The Ethiopian government has reportedly ended a three-month online blackout, following the appointment of its new prime minister earlier this month.
According to a report by CNBC Africa, mobile and broadband internet services shut down in December in many regions outside the capital that were hit by unrest that threatened the ruling coalition’s hold on country. However, the government has denied this, and the communications minister and the state-run telecoms monopoly did not immediately reply to requests for comments by CNBC Africa.
Unlike in other African countries where the majority of internet users access the web through mobile phones, internet cafes are still widely used in Ethiopia because smartphones remain expensive and mobile data costs are high.
Africa’s second-most populous nation has clocked the region’s fastest economic growth rates over the past decade but it has among the region’s lowest internet penetration rates.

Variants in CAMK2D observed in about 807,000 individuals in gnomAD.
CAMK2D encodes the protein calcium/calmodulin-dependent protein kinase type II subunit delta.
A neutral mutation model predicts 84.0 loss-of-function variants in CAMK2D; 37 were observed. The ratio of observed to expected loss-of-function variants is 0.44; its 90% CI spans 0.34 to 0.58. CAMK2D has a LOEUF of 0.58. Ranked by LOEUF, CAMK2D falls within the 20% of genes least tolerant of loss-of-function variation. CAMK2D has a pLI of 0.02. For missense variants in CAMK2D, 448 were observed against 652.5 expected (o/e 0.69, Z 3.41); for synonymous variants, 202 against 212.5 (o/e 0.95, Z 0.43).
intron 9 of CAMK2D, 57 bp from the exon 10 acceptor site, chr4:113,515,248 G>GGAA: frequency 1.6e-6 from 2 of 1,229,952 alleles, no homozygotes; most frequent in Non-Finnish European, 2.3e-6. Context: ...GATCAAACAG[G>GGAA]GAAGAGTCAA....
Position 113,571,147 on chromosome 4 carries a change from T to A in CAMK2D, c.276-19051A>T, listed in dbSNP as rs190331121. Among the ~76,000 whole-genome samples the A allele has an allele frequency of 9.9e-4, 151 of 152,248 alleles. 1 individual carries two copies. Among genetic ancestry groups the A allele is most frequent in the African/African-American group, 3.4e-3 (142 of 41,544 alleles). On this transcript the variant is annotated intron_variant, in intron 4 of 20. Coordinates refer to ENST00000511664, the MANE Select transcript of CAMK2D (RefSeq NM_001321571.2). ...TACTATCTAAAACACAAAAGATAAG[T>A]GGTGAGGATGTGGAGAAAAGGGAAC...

People in Oromiya, which surrounds the capital, in the Amhara region, and in the eastern city of Harar and nearby Dire Dawa, told Reuters internet access and mobile 3G services resumed about a week ago. (Additional reporting and writing by Maggie Fick Editing by Andrew Heavens)
Currently, the country also remains under a state of emergency, which was imposed a day after Abiy Ahmed’s predecessor Hailemariam Desalegn resigned in February.